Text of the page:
|Cushing’s disease may be why your pet’s sick
By Mickey Zeldes
I admire veterinarians. Not only are they doctors, surgeons, dentists, pharmacists and occasionally behaviorists, but they have to do all this with a patient that can’t tell them what’s wrong.
So, they are also part magician. I can only imagine how difficult this is – especially since few people have pet insurance and cost is always a factor in deciding the level of care that an owner can afford. Figuring out what is wrong with a pet can take test after test to rule out and whittle down the list of possibilities.
I recently took my 9-year-old sheltie, Poppy, to the vet with the classic “she ain’t doing right, doc” complaint (vets actually have a code for that, ADR). Her increased appetite and the extent that she would go to in order to steal food was the big wake-up call. She seemed to be drinking more water than usual and definitely peed a lot. A urinalysis showed an infection, so we treated that, knowing that it didn’t explain all her symptoms but wanting to solve the problem that we did find. Meanwhile, we also ran a blood test. That came back with an elevated liver count, so then we had to have further tests done. Long story (and many dollars later), we finally have a diagnosis – Cushing’s disease.
Cushing’s is when the Adrenal gland puts out too much cortisol – a natural steroid that is in the body. When too much is produced, usually because a benign tumor stimulates the adrenal gland, the symptoms are the same as when you are on Prednisone – increased hunger and thirst, which results in weight gain, dry coat and sometimes a barrel-chested appearance. It’s funny that’s what she had – our first sheltie had to be on Prednisone most of his life, and we were used to his constant foraging for food. When I was describing Poppy’s symptoms, I said she was acting just like Sparky had, only she didn’t have the Prednisone for an excuse. Little did I know that she was producing her own steroids.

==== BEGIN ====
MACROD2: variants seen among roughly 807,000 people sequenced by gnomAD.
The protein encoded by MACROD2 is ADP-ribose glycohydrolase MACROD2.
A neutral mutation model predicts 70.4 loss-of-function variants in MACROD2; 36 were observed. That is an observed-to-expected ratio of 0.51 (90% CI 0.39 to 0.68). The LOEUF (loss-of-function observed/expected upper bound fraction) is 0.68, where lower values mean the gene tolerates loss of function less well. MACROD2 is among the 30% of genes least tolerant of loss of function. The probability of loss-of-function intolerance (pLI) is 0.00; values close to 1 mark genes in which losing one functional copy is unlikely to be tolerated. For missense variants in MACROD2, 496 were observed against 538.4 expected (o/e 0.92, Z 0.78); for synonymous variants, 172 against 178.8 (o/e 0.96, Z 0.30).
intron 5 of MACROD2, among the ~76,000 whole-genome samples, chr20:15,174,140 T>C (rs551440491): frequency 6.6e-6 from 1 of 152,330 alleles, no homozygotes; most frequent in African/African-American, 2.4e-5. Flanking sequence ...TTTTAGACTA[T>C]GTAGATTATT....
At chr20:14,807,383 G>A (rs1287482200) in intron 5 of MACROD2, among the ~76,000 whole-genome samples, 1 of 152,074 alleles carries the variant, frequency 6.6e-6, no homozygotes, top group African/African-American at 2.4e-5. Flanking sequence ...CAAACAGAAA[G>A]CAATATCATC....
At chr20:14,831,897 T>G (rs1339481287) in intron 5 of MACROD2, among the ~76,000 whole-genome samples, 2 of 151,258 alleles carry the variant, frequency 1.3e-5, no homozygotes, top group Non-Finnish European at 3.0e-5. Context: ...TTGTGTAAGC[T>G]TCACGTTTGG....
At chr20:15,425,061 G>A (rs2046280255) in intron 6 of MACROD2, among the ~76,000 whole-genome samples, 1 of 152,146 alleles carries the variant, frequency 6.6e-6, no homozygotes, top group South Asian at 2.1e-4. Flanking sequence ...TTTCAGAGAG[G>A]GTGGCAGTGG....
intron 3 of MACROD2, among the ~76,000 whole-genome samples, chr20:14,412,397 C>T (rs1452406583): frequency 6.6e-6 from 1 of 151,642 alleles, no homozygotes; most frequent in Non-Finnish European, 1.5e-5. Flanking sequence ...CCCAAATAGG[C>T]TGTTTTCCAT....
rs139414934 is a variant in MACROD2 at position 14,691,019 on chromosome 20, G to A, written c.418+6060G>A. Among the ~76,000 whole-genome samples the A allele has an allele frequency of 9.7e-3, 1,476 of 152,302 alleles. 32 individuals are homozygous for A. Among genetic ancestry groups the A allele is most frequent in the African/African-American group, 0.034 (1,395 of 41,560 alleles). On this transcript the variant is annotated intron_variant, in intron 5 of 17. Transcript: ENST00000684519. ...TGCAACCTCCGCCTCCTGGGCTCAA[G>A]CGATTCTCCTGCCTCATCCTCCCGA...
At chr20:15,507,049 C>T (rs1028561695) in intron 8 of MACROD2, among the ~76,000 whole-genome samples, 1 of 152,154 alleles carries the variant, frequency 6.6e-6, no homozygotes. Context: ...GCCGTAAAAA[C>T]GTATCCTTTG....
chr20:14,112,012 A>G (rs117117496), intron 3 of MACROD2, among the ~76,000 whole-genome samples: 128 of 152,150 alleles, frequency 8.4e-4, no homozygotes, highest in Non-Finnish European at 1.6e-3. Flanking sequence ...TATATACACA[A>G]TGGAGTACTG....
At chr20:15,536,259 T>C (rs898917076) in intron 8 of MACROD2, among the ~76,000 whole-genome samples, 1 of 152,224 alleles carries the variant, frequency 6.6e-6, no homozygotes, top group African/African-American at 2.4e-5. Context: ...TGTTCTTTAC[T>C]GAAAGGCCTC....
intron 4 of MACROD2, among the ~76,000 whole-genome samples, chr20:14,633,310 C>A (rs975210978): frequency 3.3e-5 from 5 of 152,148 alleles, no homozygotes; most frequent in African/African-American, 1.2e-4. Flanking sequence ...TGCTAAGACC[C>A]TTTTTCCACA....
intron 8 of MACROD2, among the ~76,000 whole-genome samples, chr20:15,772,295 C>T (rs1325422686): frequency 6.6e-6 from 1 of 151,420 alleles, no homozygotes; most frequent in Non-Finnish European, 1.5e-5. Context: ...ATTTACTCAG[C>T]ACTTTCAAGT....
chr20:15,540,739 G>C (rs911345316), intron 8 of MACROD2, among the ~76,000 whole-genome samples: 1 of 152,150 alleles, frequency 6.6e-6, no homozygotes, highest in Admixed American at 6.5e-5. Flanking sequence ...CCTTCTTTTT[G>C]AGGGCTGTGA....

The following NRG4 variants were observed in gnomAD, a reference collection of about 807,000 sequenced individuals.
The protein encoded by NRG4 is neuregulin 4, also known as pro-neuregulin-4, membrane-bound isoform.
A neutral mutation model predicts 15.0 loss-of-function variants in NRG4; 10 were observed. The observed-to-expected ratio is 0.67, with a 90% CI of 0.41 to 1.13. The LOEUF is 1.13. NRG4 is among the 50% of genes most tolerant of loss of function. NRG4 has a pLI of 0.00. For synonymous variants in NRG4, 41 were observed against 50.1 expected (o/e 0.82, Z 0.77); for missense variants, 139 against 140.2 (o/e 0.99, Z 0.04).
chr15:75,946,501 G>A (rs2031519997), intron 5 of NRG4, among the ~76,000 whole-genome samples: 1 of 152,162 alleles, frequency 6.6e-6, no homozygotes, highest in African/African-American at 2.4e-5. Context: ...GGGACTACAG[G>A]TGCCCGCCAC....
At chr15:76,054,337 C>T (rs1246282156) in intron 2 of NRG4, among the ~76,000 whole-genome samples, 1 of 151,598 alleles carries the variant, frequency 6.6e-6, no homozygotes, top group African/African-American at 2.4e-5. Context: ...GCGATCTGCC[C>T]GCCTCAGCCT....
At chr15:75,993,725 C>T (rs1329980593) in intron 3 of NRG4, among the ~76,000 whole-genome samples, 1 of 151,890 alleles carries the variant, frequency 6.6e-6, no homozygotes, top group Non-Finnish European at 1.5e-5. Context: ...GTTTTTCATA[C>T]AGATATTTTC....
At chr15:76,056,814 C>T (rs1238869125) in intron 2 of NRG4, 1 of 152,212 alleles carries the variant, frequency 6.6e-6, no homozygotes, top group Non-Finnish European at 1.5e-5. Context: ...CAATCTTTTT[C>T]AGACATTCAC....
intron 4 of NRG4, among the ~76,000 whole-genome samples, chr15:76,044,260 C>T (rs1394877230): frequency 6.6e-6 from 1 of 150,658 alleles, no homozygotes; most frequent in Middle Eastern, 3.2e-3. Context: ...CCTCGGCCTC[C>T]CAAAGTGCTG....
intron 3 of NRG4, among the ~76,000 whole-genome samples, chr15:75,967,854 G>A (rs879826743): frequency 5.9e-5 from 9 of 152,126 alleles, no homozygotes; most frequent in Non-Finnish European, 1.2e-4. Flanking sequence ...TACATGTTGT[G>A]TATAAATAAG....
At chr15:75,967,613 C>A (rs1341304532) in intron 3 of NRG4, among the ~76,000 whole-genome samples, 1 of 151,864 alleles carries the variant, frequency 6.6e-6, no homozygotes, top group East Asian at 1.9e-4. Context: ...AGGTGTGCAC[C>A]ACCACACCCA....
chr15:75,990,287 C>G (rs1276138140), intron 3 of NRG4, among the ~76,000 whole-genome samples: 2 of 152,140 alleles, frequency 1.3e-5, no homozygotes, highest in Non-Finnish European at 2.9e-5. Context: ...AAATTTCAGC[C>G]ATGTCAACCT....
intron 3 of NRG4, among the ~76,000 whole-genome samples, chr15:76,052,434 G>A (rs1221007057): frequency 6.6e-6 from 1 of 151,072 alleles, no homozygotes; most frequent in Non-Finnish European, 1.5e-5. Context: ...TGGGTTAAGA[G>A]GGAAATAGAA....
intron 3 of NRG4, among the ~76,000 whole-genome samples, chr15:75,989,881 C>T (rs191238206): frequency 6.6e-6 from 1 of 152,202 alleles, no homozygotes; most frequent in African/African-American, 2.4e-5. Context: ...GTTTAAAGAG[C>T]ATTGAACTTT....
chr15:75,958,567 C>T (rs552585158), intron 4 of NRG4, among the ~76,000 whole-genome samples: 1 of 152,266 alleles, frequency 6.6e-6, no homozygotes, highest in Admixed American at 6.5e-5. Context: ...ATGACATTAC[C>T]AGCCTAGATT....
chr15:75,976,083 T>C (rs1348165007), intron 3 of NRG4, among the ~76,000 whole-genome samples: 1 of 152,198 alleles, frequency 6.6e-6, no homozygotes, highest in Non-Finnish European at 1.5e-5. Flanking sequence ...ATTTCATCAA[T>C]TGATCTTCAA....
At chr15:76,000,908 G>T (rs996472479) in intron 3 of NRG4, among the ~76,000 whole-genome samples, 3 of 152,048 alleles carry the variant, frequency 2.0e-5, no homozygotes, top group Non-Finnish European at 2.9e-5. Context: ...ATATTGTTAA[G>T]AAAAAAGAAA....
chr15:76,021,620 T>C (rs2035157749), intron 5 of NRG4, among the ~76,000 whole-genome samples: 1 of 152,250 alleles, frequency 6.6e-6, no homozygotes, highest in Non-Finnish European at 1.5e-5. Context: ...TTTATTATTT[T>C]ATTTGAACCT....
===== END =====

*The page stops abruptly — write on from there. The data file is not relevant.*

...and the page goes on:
We’re still waiting to discuss treatment options with our vet, but just having a diagnosis is somewhat of a relief. It helps me not be so angry with her when she steals my lunch because I know it’s not behavioral. Putting a dog on medication for this isn’t just a simple thing though. The dose has to be monitored, and the blood retested every so often to make sure you’ve got the right balance. There is actually a different disease that’s the opposite; Addison’s disease is when the adrenal glands are not producing enough cortisol and you don’t want to swing too far in that direction. If these diseases sound familiar it’s because people can get them too. Funny, isn’t it, how similar we are to our pets.
Mutt Strut, the dog walk and pet fair is scheduled for Saturday, Sept. 28, from 10 a.m.-3 p.m. There will be dynamic K9 demonstrations, fun contests, great raffle items, fabulous vendors and more. Come celebrate everything canine with us. It will be fun for the whole family, including the dog.
Mickey Zeldes is the supervisor at the Rohnert Park Animal Shelter. She can be contacted at firstname.lastname@example.org.